Lofton has fled, and his whereabouts are unknown. It is said that he is well connected in Atlanta. The mulatto is named Jim Simmons and is here.

Last Sunday [September 26, 1886] a crowd of whites and blacks went down to the Alapaha river and dragged for the body of the missing 1886-0ct-2-alapaha-star-ben-furlong-3anegro at the bridge at Moore’s old mill, but without success.

It is now rumored that the —- was concealed in a branch — of the mill.

But those rumors would turn out to be wrong, the mill branch concealed no body. An inquest into the fate of Jesse Webb was about to uncover the ultimate cause of death and the true location of the body.

 

Related Posts:

Ben Furlong’s Ghost Haunted Conscience of Berrien Residents

The ghost of  desperado Ben Furlong was said to haunt the grounds of an old Berrien County sawmill when he died in 1886. But it was the lack of justice for his victims that haunted the conscience of Berrien County residents.

A short editorial piece appeared in the Alapaha Star along with other details of Furlong’s crime.

Three weeks ago, B. W. Furlong brutally murdered a defenseless negro and with the aid of J. M. Lofton and Thomas Sharon buried the body in a horse lot with a hundred and —–y yards of his house.  A number of persons, white and black, had every reason to believe that a murder had been committed in their midst, and yet not a syllable was uttered that might lead to the punishment of the perpetrators of this great crime until the principal actor had hurled himself into eternity and his accomplices had fled. The first news of this terrible tragedy that reached Alapaha was on Friday evening of last week, the evening on which Furlong died. At the inquest some of the witnesses testified that they knew they would be killed if they mentioned their suspicion to outsiders, and it was this fear of Furlong that clogged the machine of the law for three weeks. 

Henceforth, let every man, black and white, in Berrien county, to bring the offenders against the law —–punishment —————crimes as the one mentioned above.

 

 

 

 

The Vanceville Affair

Reader comments on this blog have expressed further interest in the life and death of Benjamin William Furlong, perhaps Berrien County’s most infamous desperado of all time.

See The Ghost of Ben Furlong, Berrien County DesperadoMore on Berrien County, GA Desperado, Benjamin William Furlong, and   Back Story on Benjamin William Furlong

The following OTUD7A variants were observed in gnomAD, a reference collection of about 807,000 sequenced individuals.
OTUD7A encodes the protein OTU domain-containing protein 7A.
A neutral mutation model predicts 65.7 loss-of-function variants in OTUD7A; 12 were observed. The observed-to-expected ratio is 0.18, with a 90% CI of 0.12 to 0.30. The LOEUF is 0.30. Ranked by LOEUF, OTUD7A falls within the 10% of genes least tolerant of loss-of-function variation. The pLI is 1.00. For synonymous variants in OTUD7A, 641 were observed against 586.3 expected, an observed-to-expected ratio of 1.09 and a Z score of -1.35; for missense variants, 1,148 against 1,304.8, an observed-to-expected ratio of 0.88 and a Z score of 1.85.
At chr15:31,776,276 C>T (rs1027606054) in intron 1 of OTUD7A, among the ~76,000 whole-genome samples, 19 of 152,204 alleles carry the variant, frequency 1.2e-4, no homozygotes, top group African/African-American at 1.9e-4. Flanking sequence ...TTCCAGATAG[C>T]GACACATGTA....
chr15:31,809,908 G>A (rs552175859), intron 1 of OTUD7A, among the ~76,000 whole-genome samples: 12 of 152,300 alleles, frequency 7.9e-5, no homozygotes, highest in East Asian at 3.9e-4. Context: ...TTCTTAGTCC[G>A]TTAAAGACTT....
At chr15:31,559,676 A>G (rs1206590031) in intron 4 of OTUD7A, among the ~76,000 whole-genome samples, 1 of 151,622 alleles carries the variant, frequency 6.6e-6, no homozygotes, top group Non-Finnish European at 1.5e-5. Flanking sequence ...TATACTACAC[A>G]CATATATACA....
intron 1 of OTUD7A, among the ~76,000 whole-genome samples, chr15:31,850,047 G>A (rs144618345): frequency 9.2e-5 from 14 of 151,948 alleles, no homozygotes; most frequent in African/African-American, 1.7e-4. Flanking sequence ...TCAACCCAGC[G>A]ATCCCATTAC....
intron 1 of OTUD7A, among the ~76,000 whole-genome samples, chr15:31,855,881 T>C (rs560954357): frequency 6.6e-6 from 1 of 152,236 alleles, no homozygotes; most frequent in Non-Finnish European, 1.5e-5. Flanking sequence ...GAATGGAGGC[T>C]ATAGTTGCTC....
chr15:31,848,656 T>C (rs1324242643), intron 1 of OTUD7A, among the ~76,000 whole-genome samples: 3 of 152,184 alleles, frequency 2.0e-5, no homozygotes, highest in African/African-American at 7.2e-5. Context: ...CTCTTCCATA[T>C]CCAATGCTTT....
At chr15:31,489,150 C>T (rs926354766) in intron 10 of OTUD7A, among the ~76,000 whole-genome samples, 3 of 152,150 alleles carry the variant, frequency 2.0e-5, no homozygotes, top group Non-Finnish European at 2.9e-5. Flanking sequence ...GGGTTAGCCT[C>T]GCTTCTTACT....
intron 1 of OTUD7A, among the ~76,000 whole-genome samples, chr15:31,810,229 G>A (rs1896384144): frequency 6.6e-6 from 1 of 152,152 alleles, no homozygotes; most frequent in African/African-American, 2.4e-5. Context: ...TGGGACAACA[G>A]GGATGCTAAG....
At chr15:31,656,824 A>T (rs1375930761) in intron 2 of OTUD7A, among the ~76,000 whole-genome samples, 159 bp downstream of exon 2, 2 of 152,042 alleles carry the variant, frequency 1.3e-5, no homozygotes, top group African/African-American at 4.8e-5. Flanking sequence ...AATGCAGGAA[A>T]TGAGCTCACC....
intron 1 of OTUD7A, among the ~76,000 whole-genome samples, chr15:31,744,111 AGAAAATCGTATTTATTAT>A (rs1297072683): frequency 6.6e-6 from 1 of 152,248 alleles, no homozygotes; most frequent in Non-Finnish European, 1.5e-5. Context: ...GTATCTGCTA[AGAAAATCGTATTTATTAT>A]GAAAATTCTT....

In particular, there have been questions about what became of the children  of Ben W. Furlong and his wife, Pocahontas, after his death in 1886.

Their youngest son, Jack Alsea “Joe” Furlong was born in February, 1886 just months, before his death. The mid decade birth of Joe Furlong explains his early childhood absence from census records –  he was born after the 1880 census, and the 1890 census records for Georgia were lost in a fire.

The father, Benjamin William Furlong, desperado of Berrien County, GA, died in 1886 by his own hand. Afterward, it appears that the children of Ben and Pocahontas were divided among other family members for care.  Jack Alsea “Joe” Furlong went to live with his Aunt, Ellen Furlong Gray, and her husband, Benjamin B. Gray. Benjamin Gray operated a sawmill at Pinebloom about a mile from Willacoochee, GA. He was also the owner of the Ocilla, Pinebloom & Valdosta Railroad, and principal owner of the Nashville Sparks Railroad.

Jack Alsea “Joe” Furlong is enumerated as Josie A Furlong  in the census of 1900 in the household of B.B. Gray and Ellen Gray residing at Willacoochee, GA.

Later, Jack Alsea “Joe” Furlong regarded and referred to his Gray foster parents, “Ben and Ellen,” as his real parents, and his cousins with whom he was raised, as his siblings. You can view photos of B.B. Gray and Ellen Gray at the Berrien County Historical Foundation: Historical Photos website.

The transcripts of 1883 news clippings below provide further details on the Benjamin William Furlong and the brutal beating of his wife, Pocahontas,  which roused the citizens of Wiregrass Georgia.  The news stories establish that Benjamin B. Gray is the brother-in-law of Benjamin William Furlong.